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Artwork promotes awareness of domestic violence

Sirek created “Toe Tag” in remembrance of the 34 domestic homicide victims in Minnesota in 2015. Photo by Rik Sferra1 / 4
“Collateral Damage” is a child-size body bag representing the children who often are forgotten victims of domestic violence. Photo by Rik Sferra2 / 4
Sirek often uses the dress as a symbol or women and girls in her work. “A dress serves as a wrapper or container for the body, acts as a second skin, and holds the essence of the person who wears it,” she wrote. Photo by Rik Sferra3 / 4
“Please, Daddy Stop” is a life-size paper dress similar to something Sirek would have worn when she first witnessed violence in her home. Photo by Rik Sferra4 / 4

Julie Sirek, whose artwork reflects her concern for victims of domestic violence, returns Friday, April 14, to the Anderson Center with an eclectic assortment of textile creations.

A reception for the exhibit, "Behind Closed Doors," will be at 7 p.m. at Tower View. It is free and open to everyone.

Sirek worked on one of her larger projects when she was in residence here during August 2015. An installation titled "Till Death Do Us Part," the project consists of handmade prayer flags for all 1,437 victims of domestic homicide in the United States that year.

Each flag is embroidered with a victim's name, age, city, how he or she died, and who perpetrated the homicide.

The string of flags has been installed between the Anderson Center's north artist studios on the lower lawn and the woods overlooking the Cannon River.

The installation will remain there for a year, Sirek said. She will photograph and videotape the flags to document their deterioration.

Several other unique projects are included in the new exhibit, which will be displayed until late June.

"Toe Tag" is a grouping of morgue-style tags containing the vital information about the 34 individuals who were killed in domestic homicides in Minnesota in 2015.

"I wanted to remember their deaths in a personalized way," Sirek said in an essay published in Surface Design. "They were more than a statistic. ... This is my personal act of remembrance."

Sirek is showing a series of 30 little paper dresses she made in 2009 to honor that year's female victims, a poem with the text hand-cut out of paper, a life-size little girl's dress, and a child-size body bag representing the children who often are forgotten victims.

Her most recent piece, an abstract map on linen with French knots representing about 2,100 victims nationwide who died in 2016, also is included.

Sirek's intent is to help break the silence surrounding the issue of domestic violence.

"It's very personal to me," she told the Republican Eagle during her earlier residency. "I grew up with this. I remember my mother getting beat up" by her father.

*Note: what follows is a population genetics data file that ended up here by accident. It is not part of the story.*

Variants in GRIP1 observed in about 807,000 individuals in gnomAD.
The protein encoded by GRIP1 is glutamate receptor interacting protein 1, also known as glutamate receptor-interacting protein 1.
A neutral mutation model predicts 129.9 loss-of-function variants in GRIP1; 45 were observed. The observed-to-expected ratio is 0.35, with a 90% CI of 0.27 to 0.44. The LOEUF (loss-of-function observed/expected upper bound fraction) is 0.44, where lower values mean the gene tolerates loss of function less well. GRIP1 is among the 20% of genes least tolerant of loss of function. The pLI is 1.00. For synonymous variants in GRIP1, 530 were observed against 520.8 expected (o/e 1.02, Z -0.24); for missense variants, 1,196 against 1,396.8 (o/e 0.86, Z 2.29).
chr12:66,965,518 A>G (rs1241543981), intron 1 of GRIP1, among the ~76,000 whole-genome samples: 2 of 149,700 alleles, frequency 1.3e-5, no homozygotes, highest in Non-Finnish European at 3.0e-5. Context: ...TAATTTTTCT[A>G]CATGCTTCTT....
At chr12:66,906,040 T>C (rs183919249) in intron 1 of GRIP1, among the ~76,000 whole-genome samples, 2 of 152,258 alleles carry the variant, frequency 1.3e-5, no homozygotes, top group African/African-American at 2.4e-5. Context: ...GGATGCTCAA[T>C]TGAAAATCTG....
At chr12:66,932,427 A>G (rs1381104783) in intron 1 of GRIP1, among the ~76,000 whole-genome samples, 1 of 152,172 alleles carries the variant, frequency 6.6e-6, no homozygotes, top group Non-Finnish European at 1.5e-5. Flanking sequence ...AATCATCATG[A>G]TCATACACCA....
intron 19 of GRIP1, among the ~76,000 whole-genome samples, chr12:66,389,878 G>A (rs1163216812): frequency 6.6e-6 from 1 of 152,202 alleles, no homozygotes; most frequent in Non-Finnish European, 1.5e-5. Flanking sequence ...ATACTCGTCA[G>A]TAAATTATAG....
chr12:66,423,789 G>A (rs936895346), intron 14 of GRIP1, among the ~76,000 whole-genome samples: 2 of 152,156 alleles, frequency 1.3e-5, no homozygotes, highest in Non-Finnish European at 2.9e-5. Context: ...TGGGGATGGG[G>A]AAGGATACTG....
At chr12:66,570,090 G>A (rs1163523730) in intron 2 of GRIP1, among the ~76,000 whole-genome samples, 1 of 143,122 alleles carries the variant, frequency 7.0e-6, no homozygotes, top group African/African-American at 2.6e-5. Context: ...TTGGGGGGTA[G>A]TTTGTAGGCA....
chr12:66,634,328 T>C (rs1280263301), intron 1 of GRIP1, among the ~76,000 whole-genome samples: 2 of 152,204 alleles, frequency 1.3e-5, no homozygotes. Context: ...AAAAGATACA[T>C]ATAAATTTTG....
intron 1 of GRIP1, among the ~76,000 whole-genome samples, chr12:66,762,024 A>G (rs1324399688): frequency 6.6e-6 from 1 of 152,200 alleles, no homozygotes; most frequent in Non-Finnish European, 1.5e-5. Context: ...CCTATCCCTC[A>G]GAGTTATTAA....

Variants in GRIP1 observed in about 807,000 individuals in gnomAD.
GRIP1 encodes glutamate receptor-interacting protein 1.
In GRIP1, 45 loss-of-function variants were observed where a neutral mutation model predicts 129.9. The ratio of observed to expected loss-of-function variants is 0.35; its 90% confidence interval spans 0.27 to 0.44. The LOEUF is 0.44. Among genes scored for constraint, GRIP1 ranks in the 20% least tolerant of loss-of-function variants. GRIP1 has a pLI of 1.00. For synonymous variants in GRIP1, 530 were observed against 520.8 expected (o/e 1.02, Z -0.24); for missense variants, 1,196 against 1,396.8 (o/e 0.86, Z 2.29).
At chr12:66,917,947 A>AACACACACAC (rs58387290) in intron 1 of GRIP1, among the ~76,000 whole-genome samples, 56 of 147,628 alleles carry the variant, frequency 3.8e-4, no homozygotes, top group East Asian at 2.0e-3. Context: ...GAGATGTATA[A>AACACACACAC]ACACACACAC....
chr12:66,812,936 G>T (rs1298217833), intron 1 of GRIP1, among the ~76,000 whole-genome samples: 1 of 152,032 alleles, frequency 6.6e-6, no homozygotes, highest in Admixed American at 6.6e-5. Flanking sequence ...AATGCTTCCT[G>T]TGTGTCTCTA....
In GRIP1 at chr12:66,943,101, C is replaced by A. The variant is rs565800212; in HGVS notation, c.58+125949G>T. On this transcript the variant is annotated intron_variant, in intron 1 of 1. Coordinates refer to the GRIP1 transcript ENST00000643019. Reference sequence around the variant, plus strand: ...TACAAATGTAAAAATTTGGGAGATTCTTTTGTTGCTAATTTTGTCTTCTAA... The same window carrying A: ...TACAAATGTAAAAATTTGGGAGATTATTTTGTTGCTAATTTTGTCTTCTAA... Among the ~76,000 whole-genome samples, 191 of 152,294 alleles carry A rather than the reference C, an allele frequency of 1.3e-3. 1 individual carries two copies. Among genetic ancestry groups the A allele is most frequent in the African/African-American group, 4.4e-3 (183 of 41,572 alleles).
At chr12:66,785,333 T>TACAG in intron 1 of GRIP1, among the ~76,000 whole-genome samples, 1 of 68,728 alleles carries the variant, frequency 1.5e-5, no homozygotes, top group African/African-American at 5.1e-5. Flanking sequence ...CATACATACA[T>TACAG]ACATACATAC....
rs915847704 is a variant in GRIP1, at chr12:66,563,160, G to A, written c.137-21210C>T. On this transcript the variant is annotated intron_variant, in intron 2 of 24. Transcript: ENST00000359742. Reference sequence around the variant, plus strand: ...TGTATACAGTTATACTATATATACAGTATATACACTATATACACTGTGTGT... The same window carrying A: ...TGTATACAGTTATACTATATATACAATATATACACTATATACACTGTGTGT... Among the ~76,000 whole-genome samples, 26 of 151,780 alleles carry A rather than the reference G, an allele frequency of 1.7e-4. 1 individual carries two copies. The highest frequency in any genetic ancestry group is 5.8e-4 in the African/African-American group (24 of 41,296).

In her artist statement, Sirek says, "I do not make art to sell. I make art to make a difference. I want to raise awareness about domestic violence. ... Art is uniquely positioned to move people — to inspire, to spark new ideas, to invite new questions, and to provoke curiosity or outrage."

This is her mission. "I may not be able to end domestic violence," she writes, "but through my work, I hope to make an impact on the world we live in today and in the future."

Sirek starts every morning by researching media outlets for information about domestic homicide victims. She records their names and any other pertinent information to use in her artwork.

"If my work can make someone stop, even for a moment, I have accomplished something. I hope to provide information that will encourage people to think deeper, change their perspective, or even incite them to action," she said.

A unique feature of Sirek's works is her frequent use of the ancient process of joomchi, a Korean felting technique that transforms mulberry paper into a textile-like material.

The art of joomchi is a solitary, painstaking process of layering, wetting and agitating the paper. This causes the fibers to intertwine, stabilize and strengthen into a material she uses to create two- and three-dimensional sculptural pieces.

A Twin Cities resident, Sirek studied at the Minneapolis College of Art and Design. Her work has been exhibited throughout the United States, Canada, England and South Korea, and it has been featured in numerous publications.

Her prayer flag project was made possible by a Minnesota State Arts Board grant. She recently received a second grant from the arts board for a new project.

"I will create a 'quipu,'" Sirek said. She explained that ancient Mayans did not have a written language, but used colored cords and knots to create a sort of ledger for recording information with numerical values.

Her quipu will record victims of domestic homicide. "I will hand twist and hand dye all the cords from silk," she said.

The public is invited to meet Sirek Friday, April 14, at the Anderson Center. A reception will begin at 7 p.m., and at 8 p.m. she will speak briefly and answer questions about her work.

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